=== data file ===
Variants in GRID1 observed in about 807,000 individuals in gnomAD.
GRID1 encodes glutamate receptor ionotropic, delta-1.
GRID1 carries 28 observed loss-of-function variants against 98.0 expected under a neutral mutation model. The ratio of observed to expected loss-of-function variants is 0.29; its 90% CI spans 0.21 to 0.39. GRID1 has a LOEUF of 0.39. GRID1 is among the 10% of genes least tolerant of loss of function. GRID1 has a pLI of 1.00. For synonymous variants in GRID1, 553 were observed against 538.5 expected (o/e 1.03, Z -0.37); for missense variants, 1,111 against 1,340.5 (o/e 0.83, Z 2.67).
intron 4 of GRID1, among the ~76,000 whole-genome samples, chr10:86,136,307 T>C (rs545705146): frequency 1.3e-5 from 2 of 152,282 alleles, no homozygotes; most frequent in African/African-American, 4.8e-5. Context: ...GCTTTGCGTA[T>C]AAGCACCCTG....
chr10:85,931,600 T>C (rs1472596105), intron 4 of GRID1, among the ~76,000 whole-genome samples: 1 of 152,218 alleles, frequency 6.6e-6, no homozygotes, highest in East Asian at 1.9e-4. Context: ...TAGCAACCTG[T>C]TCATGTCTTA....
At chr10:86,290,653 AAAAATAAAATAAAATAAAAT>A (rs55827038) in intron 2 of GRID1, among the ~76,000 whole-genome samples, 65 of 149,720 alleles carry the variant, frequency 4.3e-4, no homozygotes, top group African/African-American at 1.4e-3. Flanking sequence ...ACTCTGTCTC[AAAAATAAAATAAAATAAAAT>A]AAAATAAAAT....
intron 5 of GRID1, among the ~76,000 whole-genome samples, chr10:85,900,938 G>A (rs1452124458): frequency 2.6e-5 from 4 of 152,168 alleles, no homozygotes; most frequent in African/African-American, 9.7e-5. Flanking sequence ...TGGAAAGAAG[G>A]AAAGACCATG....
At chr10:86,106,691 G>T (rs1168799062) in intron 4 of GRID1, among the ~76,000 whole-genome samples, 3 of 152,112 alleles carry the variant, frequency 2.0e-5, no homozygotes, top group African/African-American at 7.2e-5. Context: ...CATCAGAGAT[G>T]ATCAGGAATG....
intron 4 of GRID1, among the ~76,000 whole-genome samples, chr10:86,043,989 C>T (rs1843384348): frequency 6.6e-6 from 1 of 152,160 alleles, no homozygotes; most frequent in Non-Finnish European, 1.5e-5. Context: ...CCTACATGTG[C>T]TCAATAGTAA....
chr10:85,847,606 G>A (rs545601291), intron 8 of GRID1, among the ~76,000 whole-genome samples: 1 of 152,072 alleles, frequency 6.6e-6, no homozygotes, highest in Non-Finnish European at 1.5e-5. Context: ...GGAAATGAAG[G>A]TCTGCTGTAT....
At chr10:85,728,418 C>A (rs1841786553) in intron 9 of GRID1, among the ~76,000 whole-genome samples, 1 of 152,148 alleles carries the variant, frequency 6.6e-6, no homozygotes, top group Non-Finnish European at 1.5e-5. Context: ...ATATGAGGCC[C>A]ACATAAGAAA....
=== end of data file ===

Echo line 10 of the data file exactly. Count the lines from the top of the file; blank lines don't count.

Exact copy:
chr10:85,847,606 G>A (rs545601291), intron 8 of GRID1, among the ~76,000 whole-genome samples: 1 of 152,072 alleles, frequency 6.6e-6, no homozygotes, highest in Non-Finnish European at 1.5e-5. Context: ...GGAAATGAAG[G>A]TCTGCTGTAT....